FAQ: What’s The Debate About Google’s Search Plus Your World?


Feeling confused about all you may have heard about Google’s new “Search Plus Your World” search results that came out last week? It’s understandable. Just digesting the new features is tough enough, much less trying to follow all the accusations and counter-accusations that were flying around. Here’s a guide designed to answer questions you might have.

What Is This “Search Plus Your World” Thing?

Search Plus Your World is a big, awkward name that Google gave to a new way of showing its personalized search results. Some people have been shortening the name to SPYW. I’ve been calling it “Search Plus,” myself.

My Google’s Results Get More Personal With “Search Plus Your World” article from last week on our sister-site Search Engine Land explains the system in detail, but I’ll answer more specific questions about it below.

What’s Personalized Search?

Personalized search is where a search engine gives a boost to listings based on things that are specific to an individual. If you got to a particular web site often, or if your friends have all shared a link, those are personal signals that can be used to reward a listing and cause it to rank better.

Signals? Ranking? What’s All That?

Search engines like Google use something called an “algorithm” to figure out what pages to return in the top results. The algorithm is like a recipe; the signals are like ingredients in that recipe. Here’s a three minute video that explains more:

To get a greater sense of all the signals that get measured, see our The Periodic Table Of SEO Ranking Factors that lists some of the most important of them.

Our Personalization & Search Engine Rankings page focuses on just the aspect of personal signals.

So Personalization Is New?

No, Google has had personalized search for a long time, since June 2005, actually. But it expanded these and changed the way they were presented, especially using your own search and web surfing patterns, in February 2007.

Then in December 2009, Google made personalized search the default for everyone. Even if you weren’t logged into Google, it used the past 180 days worth of searches linked to your web browser to personalize your results.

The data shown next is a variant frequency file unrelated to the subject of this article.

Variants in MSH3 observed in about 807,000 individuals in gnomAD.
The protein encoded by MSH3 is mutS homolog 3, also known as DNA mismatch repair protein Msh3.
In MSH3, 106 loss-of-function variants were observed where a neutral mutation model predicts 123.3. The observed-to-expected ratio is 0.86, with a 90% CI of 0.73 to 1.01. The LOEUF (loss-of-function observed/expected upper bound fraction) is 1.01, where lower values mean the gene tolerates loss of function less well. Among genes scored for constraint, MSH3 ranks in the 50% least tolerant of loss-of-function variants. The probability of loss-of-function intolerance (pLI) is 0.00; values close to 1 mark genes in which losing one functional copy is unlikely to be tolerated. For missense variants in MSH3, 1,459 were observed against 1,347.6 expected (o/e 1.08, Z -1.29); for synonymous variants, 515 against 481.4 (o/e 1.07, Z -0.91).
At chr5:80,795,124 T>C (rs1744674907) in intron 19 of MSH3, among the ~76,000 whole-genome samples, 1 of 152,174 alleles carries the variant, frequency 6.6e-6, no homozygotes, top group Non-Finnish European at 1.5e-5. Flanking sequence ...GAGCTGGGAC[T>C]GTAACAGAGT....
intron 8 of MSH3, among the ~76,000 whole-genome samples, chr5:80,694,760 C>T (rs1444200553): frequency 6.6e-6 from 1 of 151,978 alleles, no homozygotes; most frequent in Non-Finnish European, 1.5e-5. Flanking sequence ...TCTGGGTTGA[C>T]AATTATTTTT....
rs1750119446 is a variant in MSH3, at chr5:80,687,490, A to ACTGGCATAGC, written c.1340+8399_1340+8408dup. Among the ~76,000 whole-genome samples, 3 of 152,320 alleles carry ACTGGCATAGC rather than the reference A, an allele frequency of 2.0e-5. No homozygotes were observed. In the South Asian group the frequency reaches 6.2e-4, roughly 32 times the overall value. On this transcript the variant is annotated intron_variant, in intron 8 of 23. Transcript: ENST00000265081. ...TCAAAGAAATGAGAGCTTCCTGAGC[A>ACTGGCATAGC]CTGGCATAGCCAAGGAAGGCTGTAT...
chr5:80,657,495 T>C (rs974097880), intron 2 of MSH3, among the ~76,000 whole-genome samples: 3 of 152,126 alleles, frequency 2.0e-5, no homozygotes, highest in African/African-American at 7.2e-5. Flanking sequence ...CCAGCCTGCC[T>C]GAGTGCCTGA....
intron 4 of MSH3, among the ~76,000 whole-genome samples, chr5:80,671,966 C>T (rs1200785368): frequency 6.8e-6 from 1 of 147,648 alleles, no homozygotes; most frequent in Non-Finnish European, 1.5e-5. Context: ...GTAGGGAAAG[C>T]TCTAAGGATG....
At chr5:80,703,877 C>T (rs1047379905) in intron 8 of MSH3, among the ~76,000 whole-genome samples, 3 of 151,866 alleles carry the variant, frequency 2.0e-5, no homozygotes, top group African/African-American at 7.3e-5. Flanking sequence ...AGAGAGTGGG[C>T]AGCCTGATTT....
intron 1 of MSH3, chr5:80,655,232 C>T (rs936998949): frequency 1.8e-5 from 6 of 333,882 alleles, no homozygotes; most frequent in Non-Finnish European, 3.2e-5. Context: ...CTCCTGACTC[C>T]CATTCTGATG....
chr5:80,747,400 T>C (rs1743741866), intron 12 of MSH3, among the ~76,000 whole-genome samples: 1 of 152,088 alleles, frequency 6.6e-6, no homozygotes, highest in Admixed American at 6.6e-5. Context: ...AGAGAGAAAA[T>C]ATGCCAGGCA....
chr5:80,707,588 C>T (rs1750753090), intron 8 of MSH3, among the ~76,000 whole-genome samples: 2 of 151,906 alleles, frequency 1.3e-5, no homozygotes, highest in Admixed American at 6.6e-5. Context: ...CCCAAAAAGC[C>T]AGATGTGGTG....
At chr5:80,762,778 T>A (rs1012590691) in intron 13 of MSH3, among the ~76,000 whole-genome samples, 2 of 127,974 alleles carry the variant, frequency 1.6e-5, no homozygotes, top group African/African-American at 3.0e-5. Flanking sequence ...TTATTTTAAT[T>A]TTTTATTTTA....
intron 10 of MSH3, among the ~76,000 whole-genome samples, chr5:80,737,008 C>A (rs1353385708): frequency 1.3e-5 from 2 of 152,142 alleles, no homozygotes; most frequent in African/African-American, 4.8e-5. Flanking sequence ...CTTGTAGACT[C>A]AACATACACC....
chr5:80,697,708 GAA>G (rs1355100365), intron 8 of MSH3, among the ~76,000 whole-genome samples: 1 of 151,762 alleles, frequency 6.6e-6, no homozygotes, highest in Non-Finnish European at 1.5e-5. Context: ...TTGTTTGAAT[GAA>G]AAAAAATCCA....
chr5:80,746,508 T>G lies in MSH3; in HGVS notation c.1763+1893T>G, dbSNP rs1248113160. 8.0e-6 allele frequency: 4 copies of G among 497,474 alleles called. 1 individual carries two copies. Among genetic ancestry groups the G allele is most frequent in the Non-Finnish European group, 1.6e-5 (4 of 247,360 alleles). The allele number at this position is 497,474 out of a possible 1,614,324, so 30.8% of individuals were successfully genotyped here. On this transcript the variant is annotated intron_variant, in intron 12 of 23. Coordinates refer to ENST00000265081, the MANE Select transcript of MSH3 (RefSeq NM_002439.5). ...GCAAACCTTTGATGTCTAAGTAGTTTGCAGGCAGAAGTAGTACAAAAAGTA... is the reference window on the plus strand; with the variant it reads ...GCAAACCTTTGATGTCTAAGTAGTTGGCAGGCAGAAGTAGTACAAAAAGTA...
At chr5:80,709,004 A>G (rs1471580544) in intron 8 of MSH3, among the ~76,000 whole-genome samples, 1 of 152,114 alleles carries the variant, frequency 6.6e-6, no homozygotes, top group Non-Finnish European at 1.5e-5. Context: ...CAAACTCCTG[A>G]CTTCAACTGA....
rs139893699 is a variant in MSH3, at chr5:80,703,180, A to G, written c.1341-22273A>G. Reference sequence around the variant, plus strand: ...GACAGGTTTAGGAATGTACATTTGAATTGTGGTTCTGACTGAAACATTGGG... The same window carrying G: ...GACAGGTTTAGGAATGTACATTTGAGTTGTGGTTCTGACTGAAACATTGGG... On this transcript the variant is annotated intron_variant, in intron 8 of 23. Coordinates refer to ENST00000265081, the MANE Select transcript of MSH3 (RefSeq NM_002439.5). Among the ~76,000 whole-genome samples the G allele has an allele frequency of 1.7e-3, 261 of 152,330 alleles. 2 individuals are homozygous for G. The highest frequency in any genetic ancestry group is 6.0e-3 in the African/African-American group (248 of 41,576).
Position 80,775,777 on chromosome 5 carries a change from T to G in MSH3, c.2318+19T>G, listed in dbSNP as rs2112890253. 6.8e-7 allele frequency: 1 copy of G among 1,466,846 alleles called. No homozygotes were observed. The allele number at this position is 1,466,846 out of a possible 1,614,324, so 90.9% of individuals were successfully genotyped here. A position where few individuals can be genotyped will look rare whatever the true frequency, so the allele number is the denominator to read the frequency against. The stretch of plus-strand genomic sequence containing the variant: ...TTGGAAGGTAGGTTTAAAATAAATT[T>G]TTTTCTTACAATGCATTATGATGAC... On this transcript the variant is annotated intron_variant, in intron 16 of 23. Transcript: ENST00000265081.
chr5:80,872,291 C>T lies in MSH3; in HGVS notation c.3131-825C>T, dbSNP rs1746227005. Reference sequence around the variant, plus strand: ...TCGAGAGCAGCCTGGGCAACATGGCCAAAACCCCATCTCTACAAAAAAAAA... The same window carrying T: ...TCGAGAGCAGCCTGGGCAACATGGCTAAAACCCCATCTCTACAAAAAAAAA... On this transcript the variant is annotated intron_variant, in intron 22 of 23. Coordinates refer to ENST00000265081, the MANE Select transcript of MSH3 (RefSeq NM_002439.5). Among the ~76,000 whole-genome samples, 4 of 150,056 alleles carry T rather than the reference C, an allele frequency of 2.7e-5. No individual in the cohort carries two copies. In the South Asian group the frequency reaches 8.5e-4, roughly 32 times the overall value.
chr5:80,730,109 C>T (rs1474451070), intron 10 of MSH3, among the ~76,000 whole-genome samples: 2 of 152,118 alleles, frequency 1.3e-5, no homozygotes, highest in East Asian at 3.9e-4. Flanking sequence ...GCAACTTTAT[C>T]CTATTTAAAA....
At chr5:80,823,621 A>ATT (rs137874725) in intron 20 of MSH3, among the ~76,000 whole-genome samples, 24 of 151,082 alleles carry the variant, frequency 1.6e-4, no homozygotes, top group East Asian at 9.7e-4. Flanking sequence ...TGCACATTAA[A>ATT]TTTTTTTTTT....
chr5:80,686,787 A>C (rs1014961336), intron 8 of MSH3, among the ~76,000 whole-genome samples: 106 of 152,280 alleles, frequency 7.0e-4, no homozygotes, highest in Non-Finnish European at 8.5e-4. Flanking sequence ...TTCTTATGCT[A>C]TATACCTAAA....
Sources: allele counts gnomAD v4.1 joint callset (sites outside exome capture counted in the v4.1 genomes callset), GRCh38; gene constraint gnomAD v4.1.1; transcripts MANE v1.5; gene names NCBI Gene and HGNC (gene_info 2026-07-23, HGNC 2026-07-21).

The articles below provide more background of what Google had been doing:

So What’s Different Now?

Search Plus is combining personal signals — your search and web history — along with social signals to create a new form of personalized results. It’s not just who you are that now influences what you see. It’s who you know. What your friends like, share or create can influence what shows up first when you search for something.

Google Didn’t Use Social Signals Or How Social Search Before?

Yes, it did. Google has offered social search since October 2009. The articles below give more background on this:

Until last week, the social search results were compiled separately from the personalized results. You often wouldn’t spot them because all the results — social, personalized and “regular” — were mixed into one single results list.

Everything’s still being mixed, but now one recipe is being used to create personalized results from both personal and social signals. As Google’s Amit Signhal, who oversees search for the company, said last week:

The social search algorithm, and the personal search algorithm, and the personalized search algorithm are actually one algorithm now, and we are merging it in a way that is very pleasant and useful.

What’s This About Private Material Showing Up?

That’s another new part of SPYW. When you search, if you have a Google+ account, it will look through anything that’s been privately shared with you, to see if it matches what you’re looking for. That gets mixed in with web-wide matches.

For example, if someone shared a picture with you of their kitten on Google+ (or Google Picasa), when you search for “kittens,” you might see their kitten picture.

Similarly, if someone wrote a Google+ post about a great car repair place — and only shared that with friends like you — when you search for “car repair,” you might see that post showing up in the top results. Without this type of integration, you wouldn’t get that content appearing.

Is This A Privacy Concern?

It shouldn’t be. Google only shows these personalized results when you’re logged in and using an encrypted or secure connection, so that no one can eavesdrop and discover that private information.